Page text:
Three Reasons for Biopharmaceutical Labs to Add Mass Detection to Routine Analyses

By March 9, 2016

MS data can provide more confidence in results from CQA bioseparation assays

As regulators focus in on the critical quality attributes (CQAs) of biotherapeutics, what can biopharmaceutical labs in late development or QC do to increase confidence in their bioseparations assays – other than to run additional orthogonal assays?

Many labs are finding the answer in mass detection, specifically with the ACQUITY QDa Detector from Waters. Here are three ways that mass detection is being adopted for monitoring the development and quality of biologic drugs.

1. Increase certainty in monitoring peptide maps and peptide modifications

An ACQUITY UPLC H-Class System with the ACQUITY QDa Detector, bottom right.

An ACQUITY UPLC H-Class System with the ACQUITY QDa Detector, bottom right.

For companies developing biologics, a trend is for MS methods to be employed by labs further downstream in late stage development and manufacturing/QC to monitor CQAs and ensure control over product and processes.

However, this can bring delays when samples need to be sent to a separate core MS lab for analysis. The ACQUITY QDa mass detector, which can be used by chromatographers with their existing bioseparations systems, allows these labs to collect their own mass data in a compliant manner, leading to streamlined workflows and faster time-to-results.

Mass data can be used to confirm the identity of each individual peptide peak in a peptide map, even if peaks may be partially or completely overlapping, and it can also be used to monitor the relative abundance of key peptide modifications (e.g., oxidized versus non-oxidized forms). Mass detection can also be used to confirm the identity of monoclonal antibodies (mAbs) by confirming via mass the signature peptides that make up the complimentary domain region (CDR) of the antibody.

For peptide analysis for biologics or synthetic peptide manufacturing, the addition of the ACQUITY QDa Detector can not only increase certainty of results via multiple attribute monitoring (MAM), but it can also improve process understanding and lead to greater productivity overall through streamlined workflows.

2. Increase confidence in monitoring glycan profiles

Attached glycans represent critical quality parameters of many biomolecules, and often they are monitored by LC-HILIC separations followed by optical/fluorescent detection. In general, biologic developers seek to develop a clear understanding of what glycan structures are on a molecule, and to monitor those structures throughout development and production to ensure the “glycoprofile” remains consistent.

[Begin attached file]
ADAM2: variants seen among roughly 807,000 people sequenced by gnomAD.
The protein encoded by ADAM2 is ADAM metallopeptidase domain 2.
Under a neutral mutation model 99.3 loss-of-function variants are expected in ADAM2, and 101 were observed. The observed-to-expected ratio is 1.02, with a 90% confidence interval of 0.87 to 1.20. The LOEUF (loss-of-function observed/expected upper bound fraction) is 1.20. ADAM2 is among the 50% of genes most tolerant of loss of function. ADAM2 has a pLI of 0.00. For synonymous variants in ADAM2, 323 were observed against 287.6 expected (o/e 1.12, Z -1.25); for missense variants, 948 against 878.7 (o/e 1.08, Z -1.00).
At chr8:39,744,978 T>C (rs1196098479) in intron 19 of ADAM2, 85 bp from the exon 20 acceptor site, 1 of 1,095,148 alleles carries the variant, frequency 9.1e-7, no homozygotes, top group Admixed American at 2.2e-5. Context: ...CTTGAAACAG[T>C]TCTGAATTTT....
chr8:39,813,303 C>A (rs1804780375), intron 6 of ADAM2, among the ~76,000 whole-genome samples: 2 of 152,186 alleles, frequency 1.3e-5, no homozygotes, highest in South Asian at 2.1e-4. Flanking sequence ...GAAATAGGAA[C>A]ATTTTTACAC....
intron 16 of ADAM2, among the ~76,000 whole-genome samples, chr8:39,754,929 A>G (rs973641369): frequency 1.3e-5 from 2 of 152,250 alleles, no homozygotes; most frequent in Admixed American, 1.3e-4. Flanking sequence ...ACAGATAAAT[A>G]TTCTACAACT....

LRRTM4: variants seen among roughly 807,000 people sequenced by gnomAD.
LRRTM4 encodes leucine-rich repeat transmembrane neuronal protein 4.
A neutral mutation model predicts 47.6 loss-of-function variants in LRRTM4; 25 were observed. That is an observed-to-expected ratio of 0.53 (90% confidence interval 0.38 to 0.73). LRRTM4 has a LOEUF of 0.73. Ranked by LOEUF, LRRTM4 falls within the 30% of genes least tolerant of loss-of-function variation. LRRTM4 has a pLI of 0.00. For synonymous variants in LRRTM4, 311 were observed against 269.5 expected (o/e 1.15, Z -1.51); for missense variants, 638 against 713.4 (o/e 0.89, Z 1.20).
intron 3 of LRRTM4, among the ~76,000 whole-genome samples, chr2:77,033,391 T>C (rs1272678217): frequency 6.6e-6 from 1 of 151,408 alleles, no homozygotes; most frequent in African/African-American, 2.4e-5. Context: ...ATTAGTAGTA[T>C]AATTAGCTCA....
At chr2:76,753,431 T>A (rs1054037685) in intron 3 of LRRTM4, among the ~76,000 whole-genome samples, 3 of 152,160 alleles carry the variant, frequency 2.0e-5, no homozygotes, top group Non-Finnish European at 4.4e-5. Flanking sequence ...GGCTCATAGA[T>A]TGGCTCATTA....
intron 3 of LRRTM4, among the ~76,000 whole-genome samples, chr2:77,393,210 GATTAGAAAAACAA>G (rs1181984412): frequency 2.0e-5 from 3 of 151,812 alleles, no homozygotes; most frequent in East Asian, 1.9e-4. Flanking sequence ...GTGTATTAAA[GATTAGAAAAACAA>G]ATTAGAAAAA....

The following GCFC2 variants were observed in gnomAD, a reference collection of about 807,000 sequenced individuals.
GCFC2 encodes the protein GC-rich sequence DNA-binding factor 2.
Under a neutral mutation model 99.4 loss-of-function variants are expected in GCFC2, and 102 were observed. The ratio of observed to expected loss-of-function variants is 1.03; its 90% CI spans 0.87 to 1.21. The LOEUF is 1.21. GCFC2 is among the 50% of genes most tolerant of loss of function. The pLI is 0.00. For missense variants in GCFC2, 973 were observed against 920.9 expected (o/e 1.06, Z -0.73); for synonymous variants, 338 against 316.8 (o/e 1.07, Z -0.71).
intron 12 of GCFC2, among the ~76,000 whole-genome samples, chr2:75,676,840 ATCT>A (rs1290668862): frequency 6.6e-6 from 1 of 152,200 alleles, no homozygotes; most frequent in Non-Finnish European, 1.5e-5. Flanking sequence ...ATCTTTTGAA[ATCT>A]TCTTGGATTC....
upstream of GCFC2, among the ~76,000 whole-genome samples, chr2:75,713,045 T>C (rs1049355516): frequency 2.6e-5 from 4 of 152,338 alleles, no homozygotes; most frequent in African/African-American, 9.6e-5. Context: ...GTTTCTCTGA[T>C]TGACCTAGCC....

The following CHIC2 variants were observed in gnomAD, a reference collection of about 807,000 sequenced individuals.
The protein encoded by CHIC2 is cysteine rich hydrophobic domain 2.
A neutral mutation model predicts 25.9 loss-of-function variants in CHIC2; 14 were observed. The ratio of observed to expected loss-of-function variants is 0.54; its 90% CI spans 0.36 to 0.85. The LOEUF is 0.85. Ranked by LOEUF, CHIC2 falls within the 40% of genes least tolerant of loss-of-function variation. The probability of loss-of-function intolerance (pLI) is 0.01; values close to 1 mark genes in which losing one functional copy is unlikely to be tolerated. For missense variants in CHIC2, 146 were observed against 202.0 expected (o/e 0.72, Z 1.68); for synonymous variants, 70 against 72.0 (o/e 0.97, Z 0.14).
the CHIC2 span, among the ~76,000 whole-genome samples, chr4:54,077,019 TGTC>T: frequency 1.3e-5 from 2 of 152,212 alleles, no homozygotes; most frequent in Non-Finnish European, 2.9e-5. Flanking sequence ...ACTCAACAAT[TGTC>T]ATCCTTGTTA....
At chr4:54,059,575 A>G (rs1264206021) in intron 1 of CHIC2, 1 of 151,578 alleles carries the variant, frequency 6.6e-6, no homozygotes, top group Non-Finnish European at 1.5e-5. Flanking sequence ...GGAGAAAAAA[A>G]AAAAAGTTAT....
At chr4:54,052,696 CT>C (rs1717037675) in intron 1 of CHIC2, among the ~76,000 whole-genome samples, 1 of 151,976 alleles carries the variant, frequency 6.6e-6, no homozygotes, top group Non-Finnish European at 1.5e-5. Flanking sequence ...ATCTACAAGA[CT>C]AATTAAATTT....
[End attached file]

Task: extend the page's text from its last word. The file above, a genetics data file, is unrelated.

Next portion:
Here, as with peptide analysis, the addition of the ACQUITY QDa mass detector can provide orthogonal mass confirmation of glycan peaks, greater sensitivity and selectivity relative to optical-only workflows, and the ability to identify partially or even completely overlapping peaks.

Mass detection is now possible for released N-glycans thanks to GlycoWorks RapiFluor-MS, a novel labeling technique from Waters that reduces the sample preparation process to just 30 minutes, while labeling the glycan with an MS-friendly tag that dramatically increases both FLR and mass response.

3. No loss in productivity for chromatographers

The ACQUITY QDa Mass Detector is designed for analytical chemists and chromatographers who have little to no mass spec experience. It’s as easy as adding an optical detector to an existing Empower Software workflow, requires no analyte-specific tuning, and automatically performs self-calibration checks on start-up to ensure consistent performance over time. A new mass analysis window allows for easy data visualization, and information is captured and managed within Empower 3 Software, already known for its GMP compliance-ready reporting. So data integrity won’t be a worry.

Waters customers who focus on biopharmaceuticals are finding a good fit for the ACQUITY QDa Mass Detector in routine analysis of biotherapeutics, from peptide maps, peptide modifications, and released N-glycans, to other biologics, such as oligonucleotide therapeutics, as well as other process and formulation components, such as excipients/detergents.


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This article was originally published in Pittcon Today, 3/8/2016.